No, he means "nominative". In "he is one of us" and "er ist einer von uns", the verbs "is/are/am/be/being/been/was/were" and "sein/bin/bist/ist/sei/war/..." take a predicate nominative as their complement rather than an accusative or dative complement that most verbs take. That's why people often correct "it's *me/him/her/us/them" to "it's I/he/she/we/they." In this case, "einer" is a masculine nominative, like "der".
That's true for the indefinite article (before a noun), e.g. ein Mann.
But the pronoun (that stands alone, without a noun after it) is einer in the masculine nominative.
Another example: Tom ist ein Mann und Paul ist auch einer. "Tom is a man and Paul is one, too."
You are the best !!! And if you know the Bosnian or Serbo-Croat language then you are the best of the best
einem is dative case, but "to be" takes a predicate in the nominative case, not the dative case.
So it's er ist einer von uns with einer in the nominative case.
(Note that the pronoun einer - which stands alone - has an ending in the masculine nominative, unlike the indefinite article - which stands before a noun - which has no ending there, e.g. ein Mann.)
Because it stands alone here, without a noun after it -- it's acting as a pronoun, not as an indefinite article.
Compare, for example, Tom ist ein Mann und Paul ist auch einer. "Tom is a man and Paul is one, too". The first one is ein because it's in front of Mann; the second one is einer because it's standing alone.
Possessive adjectives and possessive pronouns have this difference, too, for example Hier ist mein Pferd und hier ist deins. "Here is my horse and here is yours." -- the second one is not dein as in dein Pferd (possessive adjective before a noun), but deins with a neuter nominative ending -s (possessive pronoun standing alone).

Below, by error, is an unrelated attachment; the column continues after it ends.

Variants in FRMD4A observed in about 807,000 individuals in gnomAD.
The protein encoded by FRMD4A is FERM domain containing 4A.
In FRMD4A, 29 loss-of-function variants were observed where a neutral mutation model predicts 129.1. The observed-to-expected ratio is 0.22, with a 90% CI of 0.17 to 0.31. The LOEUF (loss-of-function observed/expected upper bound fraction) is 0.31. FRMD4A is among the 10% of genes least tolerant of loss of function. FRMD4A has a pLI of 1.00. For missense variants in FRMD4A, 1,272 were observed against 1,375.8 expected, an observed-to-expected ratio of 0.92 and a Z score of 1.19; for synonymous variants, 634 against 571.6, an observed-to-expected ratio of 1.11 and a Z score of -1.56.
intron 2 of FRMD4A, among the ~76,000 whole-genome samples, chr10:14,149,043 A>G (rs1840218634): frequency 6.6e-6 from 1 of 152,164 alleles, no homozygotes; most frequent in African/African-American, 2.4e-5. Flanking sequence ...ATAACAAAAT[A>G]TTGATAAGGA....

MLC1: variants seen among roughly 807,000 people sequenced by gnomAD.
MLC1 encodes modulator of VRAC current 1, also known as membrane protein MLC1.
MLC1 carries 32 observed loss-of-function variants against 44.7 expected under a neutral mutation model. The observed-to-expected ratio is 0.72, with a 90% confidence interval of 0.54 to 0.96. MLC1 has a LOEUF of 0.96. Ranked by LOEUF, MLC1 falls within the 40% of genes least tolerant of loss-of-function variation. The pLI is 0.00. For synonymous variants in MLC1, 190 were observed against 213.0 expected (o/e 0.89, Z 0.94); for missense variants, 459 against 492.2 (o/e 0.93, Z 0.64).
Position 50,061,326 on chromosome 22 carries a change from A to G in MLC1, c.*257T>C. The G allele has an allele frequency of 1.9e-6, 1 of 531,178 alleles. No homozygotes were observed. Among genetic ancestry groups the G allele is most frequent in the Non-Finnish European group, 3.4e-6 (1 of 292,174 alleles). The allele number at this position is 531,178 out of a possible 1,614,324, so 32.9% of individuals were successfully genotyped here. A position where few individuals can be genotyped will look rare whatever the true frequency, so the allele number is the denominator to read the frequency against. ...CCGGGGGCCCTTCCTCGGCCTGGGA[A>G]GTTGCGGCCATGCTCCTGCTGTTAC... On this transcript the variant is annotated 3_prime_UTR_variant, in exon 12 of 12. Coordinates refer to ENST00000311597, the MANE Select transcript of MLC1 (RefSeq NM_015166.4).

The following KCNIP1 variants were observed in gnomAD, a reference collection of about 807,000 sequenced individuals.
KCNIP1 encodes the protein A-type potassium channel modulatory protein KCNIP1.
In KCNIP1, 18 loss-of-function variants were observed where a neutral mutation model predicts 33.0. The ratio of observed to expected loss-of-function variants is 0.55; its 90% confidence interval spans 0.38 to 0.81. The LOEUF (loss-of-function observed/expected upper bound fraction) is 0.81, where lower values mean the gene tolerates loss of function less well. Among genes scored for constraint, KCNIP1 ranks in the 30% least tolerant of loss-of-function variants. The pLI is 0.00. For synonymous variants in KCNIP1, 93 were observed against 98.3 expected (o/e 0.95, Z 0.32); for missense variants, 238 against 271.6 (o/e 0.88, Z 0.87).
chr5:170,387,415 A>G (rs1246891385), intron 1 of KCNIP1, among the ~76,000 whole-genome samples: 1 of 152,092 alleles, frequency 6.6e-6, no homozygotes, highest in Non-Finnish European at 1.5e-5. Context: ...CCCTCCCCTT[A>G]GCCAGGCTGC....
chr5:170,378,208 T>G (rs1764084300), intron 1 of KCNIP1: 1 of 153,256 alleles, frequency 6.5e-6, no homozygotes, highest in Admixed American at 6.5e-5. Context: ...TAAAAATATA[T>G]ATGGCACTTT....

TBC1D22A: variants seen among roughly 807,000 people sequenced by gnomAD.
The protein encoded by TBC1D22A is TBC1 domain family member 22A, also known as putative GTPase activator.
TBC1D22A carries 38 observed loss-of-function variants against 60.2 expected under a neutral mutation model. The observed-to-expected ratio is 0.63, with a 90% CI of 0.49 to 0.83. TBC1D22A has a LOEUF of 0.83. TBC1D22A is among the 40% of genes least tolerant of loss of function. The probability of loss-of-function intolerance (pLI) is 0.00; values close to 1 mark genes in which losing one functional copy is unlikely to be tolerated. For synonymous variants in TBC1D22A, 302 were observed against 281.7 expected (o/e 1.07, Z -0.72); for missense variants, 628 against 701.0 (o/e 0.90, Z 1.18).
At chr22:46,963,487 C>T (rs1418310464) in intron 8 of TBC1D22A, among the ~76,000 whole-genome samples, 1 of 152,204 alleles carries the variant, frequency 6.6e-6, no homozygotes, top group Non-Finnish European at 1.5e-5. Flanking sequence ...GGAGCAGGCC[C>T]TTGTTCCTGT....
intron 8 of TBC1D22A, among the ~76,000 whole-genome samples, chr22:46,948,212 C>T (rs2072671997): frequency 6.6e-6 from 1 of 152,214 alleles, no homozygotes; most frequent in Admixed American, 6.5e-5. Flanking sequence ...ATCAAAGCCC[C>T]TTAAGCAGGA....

You'll note that English does this for possessives as well, distinguishing between "my pen and yours" or "your pen and mine", rather than "my pen and your" or "your pen and my" or "mine pen and yours".
Does anyone else picture an evil German scientist going "He ist von of us"...or is that just me?
Well, ein(er) here is clearly not serving its normal role as indefinite article. It has been "nounified", evidently now a pronoun. I guess?
So a she would be "sie ist eine von uns"?
eines or eins are both possible there.
Es ist eines seiner besten Werke / eins seiner besten Werke.
ONE OF US ONE OF US
The only dative element here is "uns", because it follows the dative preposition "von".
I'm happy with it being nominative as described above, but why is it 'einer' and not 'ein'. Is it somehow related to belonging, i.e. possessive pronouns?
No, not possessive in this context. It is nominative, because the sein-verb "ist" has no direct object.
Think of the words "ein" and "Einer" as two separate words. Use "ein" as the possessive "a/an" and use "Einer" as the noun "One".
Another angle on this example would be if it were negated. In English: He is NOT one of us. Now, in German you could simply negate Einer with "nicht" placed in front of it, but that sounds awkward. It is more grammatically correct, and sounds better to say: Er ist keiner von uns.
Tl;dr: "Ein" --> "a/an" "Einer" --> "one" (use it as a noun but don't capitalize)
It seems it could easily be translated "he is one from us" is that not true.
No, because "uns" is not possessive. I'm thinking it would have to be "Er ist einer von unserem" but my grasp of dative prepositions is tenuous so I could be wrong
When it’s used as a pronoun (not before a noun but replacing one), ein takes endings like dies, e.g. einer and ein(e)s for masculine and neuter nominative.
einer is not dative. It's masculine nominative singular.
It's not followed by a noun -- it's a pronoun standing on its own -- and so the form is different from that of the indefinite article.
For example: Das ist ein Mann und das ich auch einer. "That is a man and that is one, too."
The first one is ein because it's before Mann; the second one is einer because it stands by itself.